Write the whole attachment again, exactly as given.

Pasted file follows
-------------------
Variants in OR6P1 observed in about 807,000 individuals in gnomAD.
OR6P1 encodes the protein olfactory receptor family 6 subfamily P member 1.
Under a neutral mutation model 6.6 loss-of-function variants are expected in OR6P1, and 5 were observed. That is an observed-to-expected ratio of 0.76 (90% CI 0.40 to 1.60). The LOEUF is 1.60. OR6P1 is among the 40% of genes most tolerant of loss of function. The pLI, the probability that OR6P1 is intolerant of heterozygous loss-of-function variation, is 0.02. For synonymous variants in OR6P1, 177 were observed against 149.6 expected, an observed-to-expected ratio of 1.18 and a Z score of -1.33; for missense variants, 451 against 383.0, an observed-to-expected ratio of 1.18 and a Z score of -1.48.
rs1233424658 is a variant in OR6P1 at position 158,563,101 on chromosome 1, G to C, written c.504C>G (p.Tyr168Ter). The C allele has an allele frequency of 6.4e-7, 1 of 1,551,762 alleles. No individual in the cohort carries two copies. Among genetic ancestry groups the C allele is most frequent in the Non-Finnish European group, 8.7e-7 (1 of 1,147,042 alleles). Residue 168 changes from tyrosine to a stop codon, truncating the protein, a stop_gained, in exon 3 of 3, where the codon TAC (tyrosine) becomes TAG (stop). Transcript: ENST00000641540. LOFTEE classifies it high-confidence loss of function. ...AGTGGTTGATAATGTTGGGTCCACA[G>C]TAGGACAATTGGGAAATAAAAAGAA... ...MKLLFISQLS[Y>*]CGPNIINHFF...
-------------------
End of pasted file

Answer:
Variants in OR6P1 observed in about 807,000 individuals in gnomAD.
OR6P1 encodes the protein olfactory receptor family 6 subfamily P member 1.
Under a neutral mutation model 6.6 loss-of-function variants are expected in OR6P1, and 5 were observed. That is an observed-to-expected ratio of 0.76 (90% CI 0.40 to 1.60). The LOEUF is 1.60. OR6P1 is among the 40% of genes most tolerant of loss of function. The pLI, the probability that OR6P1 is intolerant of heterozygous loss-of-function variation, is 0.02. For synonymous variants in OR6P1, 177 were observed against 149.6 expected, an observed-to-expected ratio of 1.18 and a Z score of -1.33; for missense variants, 451 against 383.0, an observed-to-expected ratio of 1.18 and a Z score of -1.48.
rs1233424658 is a variant in OR6P1 at position 158,563,101 on chromosome 1, G to C, written c.504C>G (p.Tyr168Ter). The C allele has an allele frequency of 6.4e-7, 1 of 1,551,762 alleles. No individual in the cohort carries two copies. Among genetic ancestry groups the C allele is most frequent in the Non-Finnish European group, 8.7e-7 (1 of 1,147,042 alleles). Residue 168 changes from tyrosine to a stop codon, truncating the protein, a stop_gained, in exon 3 of 3, where the codon TAC (tyrosine) becomes TAG (stop). Transcript: ENST00000641540. LOFTEE classifies it high-confidence loss of function. ...AGTGGTTGATAATGTTGGGTCCACA[G>C]TAGGACAATTGGGAAATAAAAAGAA... ...MKLLFISQLS[Y>*]CGPNIINHFF...